The World is Bleeding

Late last week, deadly twin bombings tore through Beirut. Within a day, similar attacks were carried out in Paris.

The world mourns.

Pundits discuss air strikes. Politicians approve military response. Governors refuse to accept Syrian refugees, with my own Governor explaining that “the safety and security of the people of the Commonwealth of Massachusetts” takes priority.

No Syrian refugees, he says, those people are dangerous.

We saw that from Paris.

Although at least one of bombers was a French national. “A Frenchman born to Algerian parents,” the Telegraph reminds us. We have enough dangerous brown people already.

The world is bleeding.

The New York Times runs the headline: Beirut, Also the Site of Deadly Attacks, Feels Forgotten.

As if they’re the fat kid on the playground. The kid we know should feel sorry for, if only we could stop secretly thinking: thank goodness it’s not me.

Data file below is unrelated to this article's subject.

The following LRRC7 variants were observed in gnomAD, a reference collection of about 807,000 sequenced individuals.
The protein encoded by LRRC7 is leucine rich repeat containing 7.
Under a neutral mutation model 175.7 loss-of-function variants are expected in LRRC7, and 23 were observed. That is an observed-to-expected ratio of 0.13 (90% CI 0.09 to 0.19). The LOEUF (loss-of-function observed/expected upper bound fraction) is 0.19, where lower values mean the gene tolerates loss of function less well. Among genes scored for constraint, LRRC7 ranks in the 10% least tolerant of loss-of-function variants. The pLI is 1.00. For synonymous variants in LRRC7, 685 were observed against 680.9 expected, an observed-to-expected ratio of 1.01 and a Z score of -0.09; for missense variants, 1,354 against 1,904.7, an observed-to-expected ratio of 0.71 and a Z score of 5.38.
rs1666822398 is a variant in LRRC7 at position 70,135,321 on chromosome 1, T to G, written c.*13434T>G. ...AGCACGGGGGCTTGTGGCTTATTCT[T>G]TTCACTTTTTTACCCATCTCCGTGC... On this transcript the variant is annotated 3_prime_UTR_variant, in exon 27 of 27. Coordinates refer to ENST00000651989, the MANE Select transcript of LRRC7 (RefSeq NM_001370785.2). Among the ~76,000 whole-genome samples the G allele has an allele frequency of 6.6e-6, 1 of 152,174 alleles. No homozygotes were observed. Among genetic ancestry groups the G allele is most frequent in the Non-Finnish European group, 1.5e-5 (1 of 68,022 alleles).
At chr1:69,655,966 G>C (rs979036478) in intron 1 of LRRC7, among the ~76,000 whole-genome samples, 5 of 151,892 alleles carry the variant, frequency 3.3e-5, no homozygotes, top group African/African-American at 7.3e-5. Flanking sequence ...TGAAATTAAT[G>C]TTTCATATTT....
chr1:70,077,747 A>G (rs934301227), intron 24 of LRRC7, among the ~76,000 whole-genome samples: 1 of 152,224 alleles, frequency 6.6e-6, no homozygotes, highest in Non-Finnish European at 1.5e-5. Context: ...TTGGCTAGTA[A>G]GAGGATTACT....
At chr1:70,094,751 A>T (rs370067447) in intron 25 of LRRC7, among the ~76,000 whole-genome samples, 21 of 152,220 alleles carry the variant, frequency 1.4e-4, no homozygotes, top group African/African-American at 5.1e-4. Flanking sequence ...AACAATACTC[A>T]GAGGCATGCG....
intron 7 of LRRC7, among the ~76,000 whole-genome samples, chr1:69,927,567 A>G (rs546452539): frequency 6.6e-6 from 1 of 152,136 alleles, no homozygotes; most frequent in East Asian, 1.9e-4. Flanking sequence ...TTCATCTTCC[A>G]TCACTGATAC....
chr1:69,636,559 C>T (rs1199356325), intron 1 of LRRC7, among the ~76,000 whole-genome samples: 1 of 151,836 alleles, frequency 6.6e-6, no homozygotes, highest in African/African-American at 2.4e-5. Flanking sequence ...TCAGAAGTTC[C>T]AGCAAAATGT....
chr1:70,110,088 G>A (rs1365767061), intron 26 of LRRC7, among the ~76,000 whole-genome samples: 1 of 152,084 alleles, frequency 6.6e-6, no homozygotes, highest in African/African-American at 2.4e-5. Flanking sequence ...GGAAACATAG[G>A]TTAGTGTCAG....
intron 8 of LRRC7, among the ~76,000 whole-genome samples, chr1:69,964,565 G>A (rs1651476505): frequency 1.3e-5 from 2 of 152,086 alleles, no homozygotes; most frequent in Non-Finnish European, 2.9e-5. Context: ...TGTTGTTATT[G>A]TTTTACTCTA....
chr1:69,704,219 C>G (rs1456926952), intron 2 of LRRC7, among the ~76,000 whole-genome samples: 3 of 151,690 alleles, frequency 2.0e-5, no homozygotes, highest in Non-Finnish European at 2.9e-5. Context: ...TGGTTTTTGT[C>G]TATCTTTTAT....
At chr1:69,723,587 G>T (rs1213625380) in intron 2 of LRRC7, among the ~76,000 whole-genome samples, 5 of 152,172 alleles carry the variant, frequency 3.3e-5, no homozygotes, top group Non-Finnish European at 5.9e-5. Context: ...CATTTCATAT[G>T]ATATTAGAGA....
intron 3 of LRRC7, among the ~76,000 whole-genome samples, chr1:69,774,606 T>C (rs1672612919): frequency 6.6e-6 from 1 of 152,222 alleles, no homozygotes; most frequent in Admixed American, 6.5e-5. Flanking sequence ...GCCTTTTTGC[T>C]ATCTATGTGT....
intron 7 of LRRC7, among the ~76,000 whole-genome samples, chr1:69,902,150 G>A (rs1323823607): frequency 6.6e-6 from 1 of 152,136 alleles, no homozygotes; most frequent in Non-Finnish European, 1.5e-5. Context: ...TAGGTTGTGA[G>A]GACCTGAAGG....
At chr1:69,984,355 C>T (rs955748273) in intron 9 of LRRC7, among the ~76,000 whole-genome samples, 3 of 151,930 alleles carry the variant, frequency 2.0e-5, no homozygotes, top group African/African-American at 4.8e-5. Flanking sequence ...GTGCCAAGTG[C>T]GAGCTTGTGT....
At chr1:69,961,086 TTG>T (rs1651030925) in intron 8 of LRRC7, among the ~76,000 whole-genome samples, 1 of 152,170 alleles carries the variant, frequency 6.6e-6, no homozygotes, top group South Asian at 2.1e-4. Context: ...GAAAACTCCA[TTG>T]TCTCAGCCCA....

Charitably, I’d like to imagine overlooking the tragedy in Beirut as a coping mechanism: there’s just too much terror to take in.

The world is bleeding. And nothing we do can stop it.

Perhaps that thought is just too terrible to accept.

But I suspect that’s not at the root of the disparity in response. Beirut sounds like a place that would get bombed. Paris does not. Do we imagine Beirut as a bustling, urban city, full of young people whose skinny jeans we would silently judge?

We are used to watching brown people die.

That’s so sad, we sigh.

Thank goodness it wasn’t here.

The world is bleeding.

I have no solutions, no glimpses of hope. We are in a dark world of our own and our forefather’s making.

I don’t know how we suture the wounds.

But I do know, as the great Reverend Dr. Martin Luther King, Jr. said, “Hate cannot drive out hate: only love can do that.”

And ultimately, that is all I am left with: love for the people of Lebanon, for the people of Paris, and love, too, for the people of Syria – fleeing a terror I’m secretly glad is not in my back yard.

The least we could do is welcome them.



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